Court monitor volunteer training
Currently we have one available volunteer training, which recruits and trains volunteers for a specific project: court monitoring.
What is the task of Patent’s court monitor volunteers?
They sit in on trials and observe how jurisdiction treats victims of domestic violence cases.
The history of American women’s rights movements well illustrates that the court monitoring method is capable of enforcing the rights of women and children during the process of divorce in hostile jurisdiction environments. Relationship violence is a subject that law enforcement is generally not prepared to handle: this area is most typically subject to prejudices, belittling and blaming the victim. In 2013-2014, PATENT Association was the first in Hungary to realize a program for the civil (non-professional) monitoring of court proceedings – civil contentious and non-contentious as well as criminal. From spring 2015 until early 2016, we can continue an extended version of this program (again with the help of the Norwegian NGO Fund).
Anyone over 18 can volunteer as court monitor, if they feel committed to the protection of women’s and children’s rights.
A report by one of our volunteers about the 2015 training in Szeged:
“A good friend of mine informed me about the court monitoring program in the last minute. As I’m a law student, I’m at home in the world of jurisdiction, and this call instantly raised my attention. The training expanded my knowledge with a vast amount of information that I had never heard before. The two-day training in Szeged took place at the Youth House. There were five of us volunteers. The program’s volunteer coordinator was very kind and genial from the start, and the trainers – lawyers working at the PATENT Association’s legal aid service – shared their professional knowledge and experiences with us. The training was interactive, so everyone could share their opinion and experiences through various games and exercises. My fellow monitors were very nice and I especially liked the fact that we could open up so much in front of each other in just two days. I feel that we became a very good group in such short time. During the training, we learned about things like how abusers behave, what psychological traumas victims undergo, what PTSD is and how it can be treated, and what the “planet theory” is. These two days were very useful for me and I heartfully recommend it to everyone, as the knowledge acquired here can only be an advantage, especially in the following year, when it can be implemented in real life.”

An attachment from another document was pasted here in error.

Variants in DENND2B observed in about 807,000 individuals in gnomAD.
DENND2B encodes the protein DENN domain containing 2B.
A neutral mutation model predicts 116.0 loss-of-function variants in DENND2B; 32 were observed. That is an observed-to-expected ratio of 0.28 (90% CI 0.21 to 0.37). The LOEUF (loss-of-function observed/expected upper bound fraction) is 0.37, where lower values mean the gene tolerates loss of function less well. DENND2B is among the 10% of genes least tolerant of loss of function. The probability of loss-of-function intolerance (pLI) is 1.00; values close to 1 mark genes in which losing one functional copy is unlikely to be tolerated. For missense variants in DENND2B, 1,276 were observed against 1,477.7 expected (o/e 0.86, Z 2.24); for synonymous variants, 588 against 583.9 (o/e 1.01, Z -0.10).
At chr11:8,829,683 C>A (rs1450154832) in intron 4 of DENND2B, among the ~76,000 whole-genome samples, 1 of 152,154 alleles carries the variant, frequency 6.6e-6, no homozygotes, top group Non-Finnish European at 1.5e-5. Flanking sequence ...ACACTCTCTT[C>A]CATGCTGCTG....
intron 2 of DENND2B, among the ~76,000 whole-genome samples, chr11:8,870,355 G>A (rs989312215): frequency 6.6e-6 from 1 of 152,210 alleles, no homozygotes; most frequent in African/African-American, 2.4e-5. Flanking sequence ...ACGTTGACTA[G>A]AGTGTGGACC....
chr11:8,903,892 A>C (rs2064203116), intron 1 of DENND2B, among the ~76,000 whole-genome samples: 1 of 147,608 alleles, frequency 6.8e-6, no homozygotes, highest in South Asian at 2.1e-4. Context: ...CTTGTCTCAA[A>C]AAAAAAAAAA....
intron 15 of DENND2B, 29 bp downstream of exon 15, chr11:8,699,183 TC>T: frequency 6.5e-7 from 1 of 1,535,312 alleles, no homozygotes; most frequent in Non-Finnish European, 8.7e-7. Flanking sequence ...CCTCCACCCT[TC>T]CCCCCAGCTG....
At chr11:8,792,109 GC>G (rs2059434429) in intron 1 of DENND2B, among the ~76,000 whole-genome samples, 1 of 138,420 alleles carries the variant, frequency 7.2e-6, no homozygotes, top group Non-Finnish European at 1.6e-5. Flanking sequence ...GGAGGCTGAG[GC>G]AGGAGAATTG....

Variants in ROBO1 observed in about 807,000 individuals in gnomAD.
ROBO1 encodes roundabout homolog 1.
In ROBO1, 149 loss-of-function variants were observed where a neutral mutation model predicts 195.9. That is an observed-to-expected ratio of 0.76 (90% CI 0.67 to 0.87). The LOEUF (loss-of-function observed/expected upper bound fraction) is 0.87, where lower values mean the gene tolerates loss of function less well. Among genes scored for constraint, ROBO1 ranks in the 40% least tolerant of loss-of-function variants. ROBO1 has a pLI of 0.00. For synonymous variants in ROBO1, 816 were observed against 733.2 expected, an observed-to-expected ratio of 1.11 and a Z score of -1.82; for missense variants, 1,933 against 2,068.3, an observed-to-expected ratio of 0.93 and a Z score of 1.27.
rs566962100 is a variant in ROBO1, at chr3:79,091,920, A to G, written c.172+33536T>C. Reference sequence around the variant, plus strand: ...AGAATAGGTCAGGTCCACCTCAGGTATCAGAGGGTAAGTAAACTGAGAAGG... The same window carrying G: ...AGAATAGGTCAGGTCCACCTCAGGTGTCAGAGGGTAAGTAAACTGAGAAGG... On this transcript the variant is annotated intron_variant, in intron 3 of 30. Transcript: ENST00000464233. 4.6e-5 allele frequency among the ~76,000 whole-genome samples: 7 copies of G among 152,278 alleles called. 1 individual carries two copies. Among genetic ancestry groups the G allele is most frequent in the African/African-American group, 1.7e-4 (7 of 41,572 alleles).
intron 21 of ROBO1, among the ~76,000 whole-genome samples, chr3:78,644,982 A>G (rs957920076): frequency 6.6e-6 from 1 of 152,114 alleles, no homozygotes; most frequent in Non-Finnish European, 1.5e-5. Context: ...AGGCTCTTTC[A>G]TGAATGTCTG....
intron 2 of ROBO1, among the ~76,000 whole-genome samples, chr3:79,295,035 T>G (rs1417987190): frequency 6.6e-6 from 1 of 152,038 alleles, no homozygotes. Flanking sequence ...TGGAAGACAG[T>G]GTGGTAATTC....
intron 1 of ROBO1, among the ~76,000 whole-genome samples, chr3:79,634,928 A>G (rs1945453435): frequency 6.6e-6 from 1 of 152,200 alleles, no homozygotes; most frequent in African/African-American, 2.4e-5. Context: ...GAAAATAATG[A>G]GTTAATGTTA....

Kata Dudás, Szeged